How does school funding work?
Excerpt from School Funding 101
Funding for Texas's public schools comes from three main sources: local school district property taxes, state funds, and federal funds. The majority of funding comes from local property taxes, which are collected by school districts, and state funding. The purpose of this document is to explain state and local funding of Texas public schools, as it is administered through the state's Foundation School Program.
Overview: What Is the Foundation School Program (FSP)?
The Foundation School Program (FSP) is the state program that establishes the amount of state and local funding due to school districts under Texas school finance law and that provides the state share of this funding to districts. The program is administered by the Texas Education Agency (TEA). The FSP, in its current form, is meant to ensure that all school districts, regardless of property wealth, receive "substantially equal access to similar revenue per student at similar tax effort, considering all state and local tax revenues of districts after acknowledging all legitimate student and district cost differences."
The FSP has two main components, operations funding and facilities funding, each of which is tied to the tax efforts of school districts. These components provide funding for school district operations and for school facilities. This overview briefly describes the main components of the FSP. Detailed information about the calculations involved in these components follows this overview.
- The operations funding component of the FSP provides school districts with assistance in financing their maintenance and operations based on the following three components:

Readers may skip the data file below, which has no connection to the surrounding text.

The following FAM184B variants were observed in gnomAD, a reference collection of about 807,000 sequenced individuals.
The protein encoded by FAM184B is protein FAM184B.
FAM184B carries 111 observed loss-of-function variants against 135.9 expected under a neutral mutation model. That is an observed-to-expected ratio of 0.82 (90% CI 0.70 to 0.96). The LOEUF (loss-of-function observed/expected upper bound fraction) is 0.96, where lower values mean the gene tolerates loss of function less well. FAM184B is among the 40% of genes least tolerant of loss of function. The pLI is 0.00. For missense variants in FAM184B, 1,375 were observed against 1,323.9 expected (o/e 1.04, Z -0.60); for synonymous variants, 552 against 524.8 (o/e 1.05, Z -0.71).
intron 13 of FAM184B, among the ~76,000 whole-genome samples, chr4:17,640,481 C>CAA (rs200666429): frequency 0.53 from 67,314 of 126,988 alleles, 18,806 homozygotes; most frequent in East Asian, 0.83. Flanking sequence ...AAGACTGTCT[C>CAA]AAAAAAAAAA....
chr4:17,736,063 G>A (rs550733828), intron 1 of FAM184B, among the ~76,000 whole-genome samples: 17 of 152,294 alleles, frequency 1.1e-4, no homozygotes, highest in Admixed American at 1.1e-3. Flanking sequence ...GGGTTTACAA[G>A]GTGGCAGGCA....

- Tier I of the FSP provides school districts a basic level of funding with allotments for regular education; special education; compensatory education, including Pregnancy Related Services; career and technical education; bilingual / English as a Second Language education; gifted and talented education; and public education grants. This tier also includes allotments for transportation, new instructional facilities, and the Texas Virtual School Network as well as an allotment for specialized programs at the high school level. Additional compensatory education funds may be available to serve students who are military dependents.
- Tier II of the FSP is intended to supplement the basic funding provided by Tier I. Tier II guarantees a specific amount of funding per student in weighted average daily attendance (to be discussed later) for each penny of a school district’s tax effort above a specified level. The funding provided by this additional tax effort is also referred to as enrichment.
- Revenue at the compressed tax rate, provided for in the property-tax-relief law that was passed in 2006 and modified in 2009, guarantees school districts a set amount of funds per student in weighted average daily attendance (to be discussed later) to compensate for a mandatory reduction in, or compression of, their local maintenance and operations (M&O) tax rates from rates that were adopted in 2005. A district's revenue at the compressed (tax) rate is based on the state and local M&O revenue a district would have earned had it not lowered its tax rate. It is the sum of the state share of a district's Tier I entitlement and the revenue from the district's (compressed) M&O tax rate, adjusted for statutory minimum or maximum hold harmless provisions.
- The facilities funding component of the FSP provides school districts with assistance for debt service related to school facilities through the following two programs, which assist school districts in funding facilities by equalizing interest and sinking fund (I&S) tax effort:
- The Instructional Facilities Allotment program provides funding to school districts for debt service payments on debt associated with the purchase, construction, renovation, and expansion of instructional facilities. Districts use this funding to make annual debt service payments on qualifying bonds and lease-purchase agreements.
- The Existing Debt Allotment program provides funding to school districts for debt service payments on eligible bonded debt.